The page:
6. List

    We haven’t featured Oslo-based studio Heydays on the site for a while but a quick check-in with their portfolio shows they’re still producing top-quality work for an eclectic range of clients. Nöra is a design house based between London and São Paulo which among other things supplied the seats for the World Cup stadia in Brazil. Heydays wanted a look and feel that felt “sophisticated with a stylish twist.” The pointillist type treatment pulls this off neatly and there’s some impressive animated elements you can see below as well. Keep up the great work team Heydays!

  7. List

    When it comes to a trendy commission, a restaurant in east London that serves everything on the bone is right up there. Credit is due then to Burgess Studio, whose identity for the eatery doesn’t take itself too seriously. Built around a nice typographic wordmark and the simple idea of making the all-important bone into a smile, the look and feel rolls out seamlessly across everything from bags to cups, menus to the website. It’s simple, it’s striking and it steers well clear of some kind of terrible hipster overload, all of which is to be very much commended.

  8. List

    It’s been a while since we last checked in with Stockholm-based Bedow studio but there’s a host of new work to enjoy over on their site as ever. I was particularly drawn to their ongoing collaboration with Essem Design, “a Swedish manufacturer of artisanal hallway interiors.” Bedow used a refreshingly straightforward way in to what might seem like rather a niche product, building an identity around the Swedish words for “hello” and “goodbye” – the utterances most commonly heard in a hallway.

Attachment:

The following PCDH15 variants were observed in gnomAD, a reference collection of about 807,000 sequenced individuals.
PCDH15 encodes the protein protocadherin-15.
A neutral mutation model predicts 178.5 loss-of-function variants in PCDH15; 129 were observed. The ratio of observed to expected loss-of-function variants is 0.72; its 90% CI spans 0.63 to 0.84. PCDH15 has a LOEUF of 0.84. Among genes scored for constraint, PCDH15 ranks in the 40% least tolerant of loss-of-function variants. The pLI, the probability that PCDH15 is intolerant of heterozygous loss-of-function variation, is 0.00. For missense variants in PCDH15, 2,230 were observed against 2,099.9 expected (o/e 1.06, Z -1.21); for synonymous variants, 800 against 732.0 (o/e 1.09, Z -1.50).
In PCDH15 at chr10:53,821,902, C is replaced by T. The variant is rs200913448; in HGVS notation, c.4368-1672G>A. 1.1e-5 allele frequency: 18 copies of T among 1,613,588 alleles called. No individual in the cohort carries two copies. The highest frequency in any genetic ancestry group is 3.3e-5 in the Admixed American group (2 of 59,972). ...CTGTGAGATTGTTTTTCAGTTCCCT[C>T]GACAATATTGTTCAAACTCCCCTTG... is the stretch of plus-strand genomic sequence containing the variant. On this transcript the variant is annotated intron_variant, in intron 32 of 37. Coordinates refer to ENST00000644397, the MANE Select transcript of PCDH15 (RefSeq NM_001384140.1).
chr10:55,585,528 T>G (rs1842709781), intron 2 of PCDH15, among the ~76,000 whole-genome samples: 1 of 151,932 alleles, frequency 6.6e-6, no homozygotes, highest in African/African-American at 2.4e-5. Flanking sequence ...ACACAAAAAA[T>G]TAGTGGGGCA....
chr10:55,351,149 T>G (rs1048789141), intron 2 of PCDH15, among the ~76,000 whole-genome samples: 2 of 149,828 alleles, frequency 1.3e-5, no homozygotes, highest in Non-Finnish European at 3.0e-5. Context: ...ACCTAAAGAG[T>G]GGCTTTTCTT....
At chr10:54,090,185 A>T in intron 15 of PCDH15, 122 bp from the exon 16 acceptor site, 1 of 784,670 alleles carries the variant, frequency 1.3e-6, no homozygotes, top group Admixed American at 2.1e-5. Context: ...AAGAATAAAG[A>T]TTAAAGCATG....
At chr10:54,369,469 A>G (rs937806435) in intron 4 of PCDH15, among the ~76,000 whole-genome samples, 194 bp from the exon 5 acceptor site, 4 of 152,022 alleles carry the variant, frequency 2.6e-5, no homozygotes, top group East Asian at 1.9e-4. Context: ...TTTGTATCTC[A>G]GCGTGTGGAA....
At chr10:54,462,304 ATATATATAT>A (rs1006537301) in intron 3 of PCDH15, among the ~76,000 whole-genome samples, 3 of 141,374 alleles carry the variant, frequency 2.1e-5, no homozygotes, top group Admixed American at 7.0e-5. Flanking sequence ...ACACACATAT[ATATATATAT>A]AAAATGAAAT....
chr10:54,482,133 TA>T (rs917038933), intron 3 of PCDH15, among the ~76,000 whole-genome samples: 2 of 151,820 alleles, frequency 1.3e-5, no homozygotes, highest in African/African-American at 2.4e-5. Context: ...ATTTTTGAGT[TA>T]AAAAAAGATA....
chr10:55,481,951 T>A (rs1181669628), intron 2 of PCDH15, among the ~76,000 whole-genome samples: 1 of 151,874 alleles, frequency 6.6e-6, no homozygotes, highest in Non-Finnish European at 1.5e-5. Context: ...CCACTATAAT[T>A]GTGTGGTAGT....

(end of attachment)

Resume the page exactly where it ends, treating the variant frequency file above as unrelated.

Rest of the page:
9. List

    Producing graphic collateral for one of the world’s largest international contemporary art fairs is a brief that would have some graphic design studios quaking in their boots, but when London-based Studio Frith was approached by Frieze Art Fair they accepted with relish.

  10. List

    “Churn out” always sounds like a derisive expression when referring to exceptional creative work, but the prolific nature of some studios means it’s the only one I like to use use to conjure up the relentless mechanical precision with which these studios proceed – and I definitely don’t mean it derisively. And so to Praline, the products of whose churning we’re here to admire.

  11. List

    For graphic design types, the opportunity to run wild with a printer’s various techniques is pretty much the dream brief, and Mexican agency Anagrama have well and truly lived that dream. They were one of seven agencies studios invited to create a notebook with Imprimerie du Marais, and they were given free rein to experiment with effects like hot foil stamping, microembossing, silk screening and sewn binding.

  12. List

    When David Mckendrick told us he was leaving Esquire and setting hop a new venture with Wallpaper* art director Lee Belcher, we were fascinated to see what the fruits of such a top-notch collaboration might look like. Last week we got our answer, when a copy of the new Christie’s magazine came dropping through our letterbox.

  13. List

    When you’re set a challenge by Google’s UXA design team, there’s the expectation for something pretty darn special to be created. Fortunately for Manual, they nailed their brief and created a smart, clean, eye-catching interpretation of Google’s visual language.